National Fisherman


TRURO, Mass. - It is summer on Cape Cod. The weather is warm, the beaches are crowded. And the seafood? They're fighting over it.
 
On a typical summer afternoon off the coast of Cape Cod, nearly 1,000 gray seals sunbathe on a sandbar.
 
A few years ago, this would have been unbelievable. By the 1960s, the seals were hunted close to extinction, the result of a $5 bounty by the state in an attempt to eliminate an animal many considered a pest to fishermen.
 
But in 1972, Congress passed the Marine Mammal Protection Act and scientists hoped the seals would rebound.
 
Mike Giblin is a volunteer with the National Park Service. .
 
"This week in particular, it's definitely the most (seals) we've seen," he said.
 
Read the full story at CBS>>
 
Want to read more about seals? Click here...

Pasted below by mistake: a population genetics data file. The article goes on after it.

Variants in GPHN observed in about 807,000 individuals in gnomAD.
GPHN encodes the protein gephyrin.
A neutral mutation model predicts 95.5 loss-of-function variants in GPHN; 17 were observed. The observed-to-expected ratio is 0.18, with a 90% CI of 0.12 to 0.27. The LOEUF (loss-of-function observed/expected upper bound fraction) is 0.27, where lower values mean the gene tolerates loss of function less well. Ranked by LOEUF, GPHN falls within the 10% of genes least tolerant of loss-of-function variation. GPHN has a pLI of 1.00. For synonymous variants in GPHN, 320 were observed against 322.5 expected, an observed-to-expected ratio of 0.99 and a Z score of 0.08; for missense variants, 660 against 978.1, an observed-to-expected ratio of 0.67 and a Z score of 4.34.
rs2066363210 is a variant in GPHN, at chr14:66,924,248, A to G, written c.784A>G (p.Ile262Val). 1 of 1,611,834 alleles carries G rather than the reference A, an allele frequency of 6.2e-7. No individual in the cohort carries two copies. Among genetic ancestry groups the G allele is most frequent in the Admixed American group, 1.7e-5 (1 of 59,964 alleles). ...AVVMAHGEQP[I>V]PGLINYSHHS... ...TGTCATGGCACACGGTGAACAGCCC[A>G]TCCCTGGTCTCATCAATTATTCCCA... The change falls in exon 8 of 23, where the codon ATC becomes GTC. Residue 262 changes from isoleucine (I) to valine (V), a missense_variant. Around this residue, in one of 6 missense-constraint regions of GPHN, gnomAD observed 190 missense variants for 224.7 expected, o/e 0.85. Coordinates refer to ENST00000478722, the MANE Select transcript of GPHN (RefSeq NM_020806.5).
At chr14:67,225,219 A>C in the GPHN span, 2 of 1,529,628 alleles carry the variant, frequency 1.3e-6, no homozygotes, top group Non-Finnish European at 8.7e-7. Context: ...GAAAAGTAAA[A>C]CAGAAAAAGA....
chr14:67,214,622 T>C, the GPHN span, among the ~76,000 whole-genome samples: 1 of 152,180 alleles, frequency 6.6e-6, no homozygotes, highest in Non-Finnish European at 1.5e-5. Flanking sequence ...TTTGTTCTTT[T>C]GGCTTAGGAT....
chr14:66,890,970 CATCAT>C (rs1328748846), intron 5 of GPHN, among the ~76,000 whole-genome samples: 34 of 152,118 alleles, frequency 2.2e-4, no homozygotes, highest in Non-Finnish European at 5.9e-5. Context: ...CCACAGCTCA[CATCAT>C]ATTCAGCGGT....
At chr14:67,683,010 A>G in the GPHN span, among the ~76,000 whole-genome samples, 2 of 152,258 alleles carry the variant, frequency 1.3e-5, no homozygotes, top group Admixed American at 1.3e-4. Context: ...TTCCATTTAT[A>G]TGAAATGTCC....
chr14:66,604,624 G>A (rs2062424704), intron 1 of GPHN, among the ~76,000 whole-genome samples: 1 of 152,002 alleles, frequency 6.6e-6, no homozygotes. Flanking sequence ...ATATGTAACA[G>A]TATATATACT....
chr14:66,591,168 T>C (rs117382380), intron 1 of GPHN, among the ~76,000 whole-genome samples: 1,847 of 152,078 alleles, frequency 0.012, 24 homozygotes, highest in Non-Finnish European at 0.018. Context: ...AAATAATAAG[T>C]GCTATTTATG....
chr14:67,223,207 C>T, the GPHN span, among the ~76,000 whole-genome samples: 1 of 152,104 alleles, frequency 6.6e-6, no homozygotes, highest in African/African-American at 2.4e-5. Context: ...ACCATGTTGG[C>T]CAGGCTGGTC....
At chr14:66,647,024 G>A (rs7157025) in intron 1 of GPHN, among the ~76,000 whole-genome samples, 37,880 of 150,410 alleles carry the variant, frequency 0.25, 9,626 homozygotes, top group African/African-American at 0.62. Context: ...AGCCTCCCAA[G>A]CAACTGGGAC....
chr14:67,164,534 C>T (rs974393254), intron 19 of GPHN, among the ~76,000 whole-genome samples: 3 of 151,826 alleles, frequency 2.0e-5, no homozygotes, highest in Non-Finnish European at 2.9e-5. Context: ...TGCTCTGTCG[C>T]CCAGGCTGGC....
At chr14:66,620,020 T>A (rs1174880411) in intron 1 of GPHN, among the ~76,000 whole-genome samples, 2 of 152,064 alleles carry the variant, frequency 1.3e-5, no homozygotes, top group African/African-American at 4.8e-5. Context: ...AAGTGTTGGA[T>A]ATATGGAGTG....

Inside the Industry

Legislators from Connecticut and Massachusetts complained about the current “out-of-date allocation formula” in black sea bass, summer flounder and scup fisheries in a letter to the U.S. Department of Commerce earlier this week.

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The Southeast Alaska Fishermen’s Alliance recently announced that the National Marine Sanctuary Foundation has awarded the organization a Hollings Grant to reduce whale entanglements in Alaska salmon fisheries by increasing the use of acoustic whale pingers to minimize entanglements in fishing gear.

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